**1/2 Stars
(US 1998)

Edward Furlong, Christina Ricci, Mary Kay Place, Brendan Sexton III, Martha Plimpton

Director: John Waters

Writing credits: John Waters

Fine Line Features * 87 minutes

When you have a lesbian strip club, rats vociferously humping in a trash can, and Patricia Hearst, all in one movie, and all against a backdrop of saccharine pop songs no one has heard before, you can be sure you're in John Waters territory. .

Waters' latest endeavor, PECKER, stars the creepy Edward Furlong (of Terminator 2 fame) as Pecker (because his grandma says he's always just pecked at his food, folks, so don't get excited), a Baltimore kid who takes photographs with a cast-off camera from his mother's thrift shop. Pecker is a John Waters alter-ego, in that he takes photos of the ugly, the disgusting, and the tasteless -- ugly women, men having their toupees stolen, the aforementioned rats, trash dumpsters, men "teabagging" (don't ask) male go-go dancers, and, well, you'll just have to see the film for the rest. After all, the Communications Decency act could rear its ugly head again at any moment. This tawdry subject matter inevitably garners the attention of the New York art world, and young Pecker becomes the toast of the New York pretentuati, causing havoc in his personal and family life.

Waters again populates his film with a colorful assortment of bizarros. When Lili Taylor plays the most normal character in the film, you know you're in trouble. This time, the Waters family includes Mary Kay Place as Pecker's pert but clueless mother, Martha Plimpton as his gay bar bartender sister with implied dominatrix tendencies, Mark Joy as his pubic hair-obsessed father, Jean Schertler as his loopy grandmother, the only person in the world with a ventriloquist's dummy of the Virgin Mary, and Lauren Hulsey as his kid sister, Little Krissy. Krissy is perhaps the most disturbing portrayal of a child that I have ever seen, and should make any parent swear off buying Froot Loops forever. The kid is literally strung out on sugar, and watching an 8-year-old drooling into a five-pound bag of sugar is a creepy sight. Rounding out the cast is the creepily adorable Cristina Ricci, looking like a punked-out Betty Boop, as Pecker's anal-retentive laundromat fascist manager girlfriend.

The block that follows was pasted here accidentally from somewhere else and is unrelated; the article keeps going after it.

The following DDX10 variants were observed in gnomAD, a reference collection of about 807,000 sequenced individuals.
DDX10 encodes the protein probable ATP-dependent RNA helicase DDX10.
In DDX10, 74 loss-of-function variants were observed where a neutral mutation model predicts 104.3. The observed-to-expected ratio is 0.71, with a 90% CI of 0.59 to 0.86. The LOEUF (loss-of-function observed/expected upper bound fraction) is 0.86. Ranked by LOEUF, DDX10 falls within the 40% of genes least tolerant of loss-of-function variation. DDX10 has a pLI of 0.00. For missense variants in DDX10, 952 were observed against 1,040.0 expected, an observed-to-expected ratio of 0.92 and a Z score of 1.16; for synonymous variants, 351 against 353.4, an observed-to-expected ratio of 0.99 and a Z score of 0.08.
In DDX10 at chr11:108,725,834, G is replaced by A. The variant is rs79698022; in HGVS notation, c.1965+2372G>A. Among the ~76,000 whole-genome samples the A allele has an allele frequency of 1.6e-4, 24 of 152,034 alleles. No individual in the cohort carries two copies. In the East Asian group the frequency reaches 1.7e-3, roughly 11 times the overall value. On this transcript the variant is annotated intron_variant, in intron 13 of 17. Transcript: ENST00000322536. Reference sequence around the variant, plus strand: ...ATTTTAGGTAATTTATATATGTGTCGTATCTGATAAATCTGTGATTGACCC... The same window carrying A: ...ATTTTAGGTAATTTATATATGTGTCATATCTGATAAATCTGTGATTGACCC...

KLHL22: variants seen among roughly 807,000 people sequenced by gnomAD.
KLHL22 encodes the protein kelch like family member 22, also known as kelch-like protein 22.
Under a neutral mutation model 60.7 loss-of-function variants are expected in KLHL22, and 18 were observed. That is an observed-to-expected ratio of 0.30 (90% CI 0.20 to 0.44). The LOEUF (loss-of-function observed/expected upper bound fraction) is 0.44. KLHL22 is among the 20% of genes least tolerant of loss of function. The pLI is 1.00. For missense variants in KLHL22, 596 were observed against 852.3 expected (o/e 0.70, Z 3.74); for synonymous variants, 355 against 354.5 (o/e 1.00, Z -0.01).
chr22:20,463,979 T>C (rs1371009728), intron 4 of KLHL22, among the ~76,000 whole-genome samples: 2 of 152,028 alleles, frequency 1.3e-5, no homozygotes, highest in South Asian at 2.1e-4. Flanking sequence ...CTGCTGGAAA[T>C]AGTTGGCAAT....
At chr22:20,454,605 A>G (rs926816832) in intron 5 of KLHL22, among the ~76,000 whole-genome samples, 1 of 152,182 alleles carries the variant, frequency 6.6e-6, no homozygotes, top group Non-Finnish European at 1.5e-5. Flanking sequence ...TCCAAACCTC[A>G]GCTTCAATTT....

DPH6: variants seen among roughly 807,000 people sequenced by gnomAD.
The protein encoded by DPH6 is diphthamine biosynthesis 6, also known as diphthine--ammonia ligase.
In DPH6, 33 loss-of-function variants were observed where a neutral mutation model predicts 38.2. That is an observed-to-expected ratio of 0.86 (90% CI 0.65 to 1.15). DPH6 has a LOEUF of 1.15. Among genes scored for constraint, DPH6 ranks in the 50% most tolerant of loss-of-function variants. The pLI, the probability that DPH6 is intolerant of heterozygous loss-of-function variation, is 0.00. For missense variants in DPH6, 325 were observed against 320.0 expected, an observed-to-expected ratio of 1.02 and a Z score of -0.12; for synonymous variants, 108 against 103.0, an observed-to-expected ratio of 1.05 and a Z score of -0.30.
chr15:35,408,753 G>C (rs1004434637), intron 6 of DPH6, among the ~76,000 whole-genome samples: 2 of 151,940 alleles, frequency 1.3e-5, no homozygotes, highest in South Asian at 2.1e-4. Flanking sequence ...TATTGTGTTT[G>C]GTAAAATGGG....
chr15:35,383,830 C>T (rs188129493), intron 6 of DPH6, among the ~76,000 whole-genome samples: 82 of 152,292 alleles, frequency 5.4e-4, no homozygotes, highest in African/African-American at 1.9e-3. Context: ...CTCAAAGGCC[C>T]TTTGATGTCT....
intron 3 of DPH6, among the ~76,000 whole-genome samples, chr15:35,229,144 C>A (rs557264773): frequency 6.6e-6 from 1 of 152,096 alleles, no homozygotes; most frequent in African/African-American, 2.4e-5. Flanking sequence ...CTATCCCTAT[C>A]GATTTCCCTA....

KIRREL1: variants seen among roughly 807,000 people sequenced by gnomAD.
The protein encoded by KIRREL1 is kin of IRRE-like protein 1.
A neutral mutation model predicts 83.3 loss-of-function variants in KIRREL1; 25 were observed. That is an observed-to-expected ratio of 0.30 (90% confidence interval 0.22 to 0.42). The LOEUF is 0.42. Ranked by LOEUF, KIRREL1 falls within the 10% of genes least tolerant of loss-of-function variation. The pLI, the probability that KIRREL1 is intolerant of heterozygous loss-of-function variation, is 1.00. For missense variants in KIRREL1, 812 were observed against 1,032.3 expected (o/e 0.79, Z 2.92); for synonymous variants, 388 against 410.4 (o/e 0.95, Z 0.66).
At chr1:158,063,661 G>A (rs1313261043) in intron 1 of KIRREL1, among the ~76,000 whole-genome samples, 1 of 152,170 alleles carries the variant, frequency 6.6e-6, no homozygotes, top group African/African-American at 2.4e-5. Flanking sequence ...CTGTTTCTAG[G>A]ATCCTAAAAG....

John Waters made his name with such immortal cinematic masterpieces of tastelessnes as POLYESTER and LUST IN THE DUST. His more recent, more mainstream films (SERIAL MOM, HAIRSPRAY) still carry a gleeful, "how-much-can-I-get-away-with" mischievousness, and PECKER is no exception. However, Furlong's limitations as an actor prevent PECKER from living up to its potential. Furlong has yet to show that he can do much more than play sullen adolescents, and his attempt at portraying upbeat perkiness merely makes him creepier than usual. Ricci, on the other hand, probably the most interesting young actress around, handles the strange John Waters universe so deftly that I'm sure we'll see her again in his next film.

PECKER is worth a cheap matinee viewing as an affectionate look at what happens when the pseudo-intellectual art world collides with American trash culture, and finds that it has more in common with the latter than it cares to admit.

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